It turns out that Starbucks’s best commodity isn’t coffee – it’s culture. Though the Chinese hasn’t been as keen on caffeine as Americans are, the popular franchise plans to open 800 new stores in China over the next three years, more than doubling its current 700 stores.
Unlike many popular American brands – like Home Depot and Best Buy – Starbucks understands that the key to success in any country is adapting to meet (and exceed) the needs of their customers. “We don’t do one size fits all,” said Belinda Wong, president of Starbucks China. Wong explains that over the past two years, Starbucks has developed a design center in China to build new stores in local landscapes, and a research and development center to stock them with food and beverage consumers want.
While venti lattes and breakfast sandwiches on the go are a favorite of Starbucks’s American customers, research has shown that red bean frappucinos, Hainan chicken and rice wraps, and Thai-style prawn wraps are surer bets in China. It is also far more common for Chinese customers to visit Starbucks in the afternoon, and they prefer having large spaces with comfortable couches to relax on. Some locations in China are as much as 3,800 square feet – perfect for the many business and friends groups that favor the chain.
Starbucks executives recently announced that China-based sales have increased 52 percent year-over-year without offering further elaboration. It’s an impressive statistic for a tea-drinking nation, where consumers are having a hard time accepting coffee as a beverage of choice. Cheng Xiaochen, a young English teacher, often arranges meetings with his students at Starbucks, “But the coffee is so bitter it tastes like Chinese medicine,” Cheng says. He prefers mint hot chocolate.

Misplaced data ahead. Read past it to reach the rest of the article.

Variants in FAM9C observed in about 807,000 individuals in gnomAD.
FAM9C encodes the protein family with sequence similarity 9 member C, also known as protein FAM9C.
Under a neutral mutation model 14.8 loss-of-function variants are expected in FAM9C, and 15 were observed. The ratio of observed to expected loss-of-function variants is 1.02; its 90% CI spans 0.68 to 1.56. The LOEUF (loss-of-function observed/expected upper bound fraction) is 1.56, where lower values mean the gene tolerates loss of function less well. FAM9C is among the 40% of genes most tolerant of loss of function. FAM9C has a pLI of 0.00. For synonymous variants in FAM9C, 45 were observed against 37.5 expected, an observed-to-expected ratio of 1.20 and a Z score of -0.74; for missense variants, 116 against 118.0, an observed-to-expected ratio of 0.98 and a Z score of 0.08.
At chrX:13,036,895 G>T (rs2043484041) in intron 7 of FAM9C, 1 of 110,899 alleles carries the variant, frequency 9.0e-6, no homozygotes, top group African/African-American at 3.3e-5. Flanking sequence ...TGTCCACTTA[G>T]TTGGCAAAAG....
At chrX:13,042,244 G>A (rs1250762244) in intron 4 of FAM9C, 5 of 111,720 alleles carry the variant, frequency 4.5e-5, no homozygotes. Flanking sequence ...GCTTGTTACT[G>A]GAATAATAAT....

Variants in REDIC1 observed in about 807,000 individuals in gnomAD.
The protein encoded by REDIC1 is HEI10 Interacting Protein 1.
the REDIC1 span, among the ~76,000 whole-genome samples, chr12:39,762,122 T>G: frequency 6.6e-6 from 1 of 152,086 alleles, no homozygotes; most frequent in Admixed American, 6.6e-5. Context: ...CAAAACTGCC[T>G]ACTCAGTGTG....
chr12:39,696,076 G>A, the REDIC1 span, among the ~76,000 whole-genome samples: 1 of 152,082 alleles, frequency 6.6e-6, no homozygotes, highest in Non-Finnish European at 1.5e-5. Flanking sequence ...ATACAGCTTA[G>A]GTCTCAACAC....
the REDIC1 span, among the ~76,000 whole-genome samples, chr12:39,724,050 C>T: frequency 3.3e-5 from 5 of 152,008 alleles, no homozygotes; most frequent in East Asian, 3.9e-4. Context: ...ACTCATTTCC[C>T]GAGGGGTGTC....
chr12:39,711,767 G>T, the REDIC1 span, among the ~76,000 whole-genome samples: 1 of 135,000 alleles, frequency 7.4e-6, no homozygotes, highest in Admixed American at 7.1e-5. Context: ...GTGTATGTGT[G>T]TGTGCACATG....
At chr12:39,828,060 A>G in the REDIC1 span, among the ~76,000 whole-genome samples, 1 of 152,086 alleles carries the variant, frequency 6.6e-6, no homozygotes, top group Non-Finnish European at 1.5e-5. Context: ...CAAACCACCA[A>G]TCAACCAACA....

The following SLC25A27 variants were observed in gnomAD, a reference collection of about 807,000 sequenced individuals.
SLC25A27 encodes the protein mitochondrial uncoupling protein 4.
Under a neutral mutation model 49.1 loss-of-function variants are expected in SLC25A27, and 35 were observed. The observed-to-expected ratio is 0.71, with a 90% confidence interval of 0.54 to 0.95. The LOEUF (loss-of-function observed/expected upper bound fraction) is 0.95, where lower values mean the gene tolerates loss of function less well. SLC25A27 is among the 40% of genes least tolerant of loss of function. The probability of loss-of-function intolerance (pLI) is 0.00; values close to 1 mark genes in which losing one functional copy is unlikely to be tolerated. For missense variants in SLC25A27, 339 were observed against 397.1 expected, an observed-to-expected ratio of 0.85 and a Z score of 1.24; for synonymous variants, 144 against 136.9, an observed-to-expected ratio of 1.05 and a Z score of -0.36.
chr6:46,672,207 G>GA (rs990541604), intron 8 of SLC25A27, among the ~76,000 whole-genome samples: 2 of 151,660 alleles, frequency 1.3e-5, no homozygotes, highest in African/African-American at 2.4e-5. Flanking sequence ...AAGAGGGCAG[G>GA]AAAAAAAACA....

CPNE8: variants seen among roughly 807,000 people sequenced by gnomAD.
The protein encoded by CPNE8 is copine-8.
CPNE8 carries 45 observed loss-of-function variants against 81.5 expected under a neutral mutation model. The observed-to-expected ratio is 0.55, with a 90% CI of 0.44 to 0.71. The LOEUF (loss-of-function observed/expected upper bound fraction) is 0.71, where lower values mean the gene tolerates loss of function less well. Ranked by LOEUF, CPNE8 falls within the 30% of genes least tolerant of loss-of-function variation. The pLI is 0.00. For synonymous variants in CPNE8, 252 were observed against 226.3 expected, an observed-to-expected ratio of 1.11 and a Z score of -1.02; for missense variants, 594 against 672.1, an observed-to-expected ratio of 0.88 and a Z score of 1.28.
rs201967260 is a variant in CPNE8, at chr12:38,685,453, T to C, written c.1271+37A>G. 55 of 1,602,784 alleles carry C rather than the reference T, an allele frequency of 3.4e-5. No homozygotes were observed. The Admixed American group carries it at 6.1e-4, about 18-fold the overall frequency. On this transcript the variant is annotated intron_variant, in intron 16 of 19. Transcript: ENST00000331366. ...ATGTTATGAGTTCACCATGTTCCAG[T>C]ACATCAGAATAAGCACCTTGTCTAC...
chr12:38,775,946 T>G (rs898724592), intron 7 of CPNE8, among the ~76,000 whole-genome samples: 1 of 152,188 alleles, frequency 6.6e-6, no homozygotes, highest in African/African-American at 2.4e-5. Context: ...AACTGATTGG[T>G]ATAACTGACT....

Torsten Stocker, an analyst for the Monitor Group, posits that China will see stiff competition from chains like PLC’s Costa Coffee from the U.K. and Korean SPC Group’s Paris Baguette. “All of these are not only fighting to increase their ‘share of stomach,’ but also for top real-estate locations and the talent to expand and manage their stores,” Stocker said.
Despite the brand’s willingness to conform to its locations, some of Stabucks’s traditions just can’t be broken: its popular Christmas cups have just been issued to Chinese stores. Who knows what the Chinese New Year will bring.